Degraves Espresso Bar on Urbanspoon

Hot Chocolate at Nielson Park Cafe & Restaurant, Sydney, Australia

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Located on the foreshore of the beautiful Sydney Harbour and surrounded by parklands, Nielson Park Cafe & Restaurant has a pretty ideal location. This heritage listed property sits right in the middle of a very popular beach and is surrounded by stunning trees that have grown to form a leafy archway across the pathway to the beach.

It was raining again today. It just hasn’t stopped raining for the past week, which I’m told is good since there hasn’t been a lot of rain this past summer. The good thing about the rain is that it meant that this spot which is usually jam packed with sunbathers and beachbums on a Sunday afternoon was empty and peaceful. It also meant that we managed to walk in and get a table for four inside the restaurant.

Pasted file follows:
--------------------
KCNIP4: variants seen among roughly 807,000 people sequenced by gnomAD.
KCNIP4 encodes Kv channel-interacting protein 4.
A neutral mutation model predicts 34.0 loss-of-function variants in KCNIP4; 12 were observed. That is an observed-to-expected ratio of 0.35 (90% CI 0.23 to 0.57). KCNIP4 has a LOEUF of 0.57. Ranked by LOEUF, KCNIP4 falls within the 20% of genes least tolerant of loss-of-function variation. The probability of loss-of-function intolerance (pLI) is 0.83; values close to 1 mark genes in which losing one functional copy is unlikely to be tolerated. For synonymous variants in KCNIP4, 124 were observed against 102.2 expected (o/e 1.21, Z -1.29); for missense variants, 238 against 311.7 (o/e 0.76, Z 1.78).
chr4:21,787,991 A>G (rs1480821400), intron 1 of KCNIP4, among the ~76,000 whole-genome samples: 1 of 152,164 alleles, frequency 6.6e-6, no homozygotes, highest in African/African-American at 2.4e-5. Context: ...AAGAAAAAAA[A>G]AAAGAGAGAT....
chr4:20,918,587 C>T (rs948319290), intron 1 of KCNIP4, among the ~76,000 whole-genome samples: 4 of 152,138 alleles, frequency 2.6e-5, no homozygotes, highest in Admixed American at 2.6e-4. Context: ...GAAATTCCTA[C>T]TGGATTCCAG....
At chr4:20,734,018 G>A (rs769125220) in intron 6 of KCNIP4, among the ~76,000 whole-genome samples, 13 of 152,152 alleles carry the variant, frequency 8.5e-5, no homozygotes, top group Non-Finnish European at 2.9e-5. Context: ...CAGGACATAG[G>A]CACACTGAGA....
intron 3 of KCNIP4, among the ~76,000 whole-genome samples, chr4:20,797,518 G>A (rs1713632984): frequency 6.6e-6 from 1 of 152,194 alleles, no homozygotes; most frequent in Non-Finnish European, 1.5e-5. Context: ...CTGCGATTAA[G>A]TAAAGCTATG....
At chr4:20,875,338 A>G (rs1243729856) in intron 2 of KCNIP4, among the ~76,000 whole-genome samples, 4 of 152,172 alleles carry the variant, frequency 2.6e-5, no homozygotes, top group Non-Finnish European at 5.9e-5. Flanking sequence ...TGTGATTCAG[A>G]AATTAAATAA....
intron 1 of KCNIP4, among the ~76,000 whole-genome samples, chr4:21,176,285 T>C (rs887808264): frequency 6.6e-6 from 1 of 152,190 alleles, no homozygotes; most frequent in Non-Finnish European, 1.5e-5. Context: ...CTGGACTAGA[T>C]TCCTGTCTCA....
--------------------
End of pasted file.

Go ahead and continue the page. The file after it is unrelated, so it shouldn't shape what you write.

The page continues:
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The restaurants is a light and airy space with colourful stained glass windows and wild flowers on all the tables. Several tables next to us had been reserved by a large group of women, all beautiful and well dressed, throwing a baby shower for one of their friends. This spot is often used for weddings and it isn’t hard to see why. It is both fancy while still having that laid back cool feel that Sydney does so well.